Would-be PM Johnson's speech falls flat

EDUCATION Secretary Alan Johnson's chances of challenging Gordon Brown for the Labour leadership were badly damaged today when his speech to the party in Manchester received only luke warm support.

By Graham Dines

EDUCATION Secretary Alan Johnson's chances of challenging Gordon Brown for the Labour leadership were badly damaged today when his speech to the party in Manchester received only luke warm support.

Although the former postman has yet to declare if he is a candidate, he has been seen as the heavyweight Cabinet minister most likely to garner support for those promoting “anyone but Gordon.”

Meanwhile, a “London Essex” MP and former Downing Street aide Jon Cruddas threw his hat into the ring in the race to succeed John Prescott as deputy leader.


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The left-of-centre backbencher warned that Labour had “lost its way” and said that it was time to “rebuild our party from the bottom up.”

Mr Cruddas, who joins Northern Ireland Secretary Peter Hain and constitutional affairs minister Harriet Harman as declared contenders for the deputy leadership, could receive the backing of trade unions and would appeal to those MPs who believe Labour has lost its traditional values under Tony Blair.

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Announcing his candidacy on the Simon Mayo show on BBC Radio 5 Live, Mr Cruddas said: “I am standing to be deputy leader because change is desperately needed. As we stand, the party is not in a fit state to fight the next general election.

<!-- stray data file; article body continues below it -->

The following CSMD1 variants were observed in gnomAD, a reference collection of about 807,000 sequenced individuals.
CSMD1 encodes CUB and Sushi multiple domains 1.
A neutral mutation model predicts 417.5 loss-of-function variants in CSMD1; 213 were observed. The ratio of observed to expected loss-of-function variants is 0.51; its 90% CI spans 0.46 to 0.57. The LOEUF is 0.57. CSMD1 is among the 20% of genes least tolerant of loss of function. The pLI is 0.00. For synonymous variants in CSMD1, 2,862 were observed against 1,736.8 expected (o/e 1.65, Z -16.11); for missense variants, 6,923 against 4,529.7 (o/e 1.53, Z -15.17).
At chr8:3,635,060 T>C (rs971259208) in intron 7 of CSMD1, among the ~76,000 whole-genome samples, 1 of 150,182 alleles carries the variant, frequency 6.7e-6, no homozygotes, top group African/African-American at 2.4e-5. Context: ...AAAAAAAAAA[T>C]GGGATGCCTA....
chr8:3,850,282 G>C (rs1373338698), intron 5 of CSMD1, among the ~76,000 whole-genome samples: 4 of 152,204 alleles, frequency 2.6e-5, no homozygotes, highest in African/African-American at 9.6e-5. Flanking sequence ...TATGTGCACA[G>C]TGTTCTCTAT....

“It's time to rebuild our party from the bottom up.”

Mr Cruddas, 44, has been MP for the “London Essex” seat of Dagenham since 2001. He was assistant to two Labour general secretaries from 1994, then joined Mr Blair's staff in 10 Downing Street as deputy political secretary after the election victory of 1997.

Despite his work for the PM, he is on the left of the party and has rebelled against the Government over the imposition of university tuition fees.

A vocal opponent of the British National Party, which has sought to build a stronghold in his east London seat, Mr Cruddas has criticised Mr Blair for neglecting Labour's traditional working-class constituency in favour of wooing the middle classes.

Announcing today that he would be in the field for the deputy leadership contest when John Prescott stands down, he said: “Reaching out to our people doesn't mean coming up with better soundbites and spin, it means coming up with better policies.

“We need to reaffirm our belief in collective action through local communities, through public services, through strong and effective trade unions.

“In the election, there will be a choice: change or more of the same. I am standing because the party needs, and wants, to change. It's time to reach out again to our natural supporters, written off for too long.

“It's time for change - and I am the candidate that will deliver it.”

The son of a sailor brought up near Portsmouth, Mr Cruddas gained a PhD at the University of Warwick before entering political work. He is married with one son.

He announced plans to open a campaign office within the next week and is expected to unveil supporters among MPs, members and trade unionists in the next few weeks.

In his conference speech, Mr Johnson announced plans to assist children in care, which will see an extra £100 put into their child trust fund for every year they are away from a home environment.

And his much flagged initiative to open state schools on Saturdays was presented to conference delegates, which will offer “catch up and stretch” lessons as well as sport, music and drama.

Mr Johnson said Labour was the first government to recognise the importance of early years learning. And in his best joke in an otherwise fairly ordinary speech, he said: “The Tories thought a creche was something that happened between two Range Rovers in Tunbridge Wells.”

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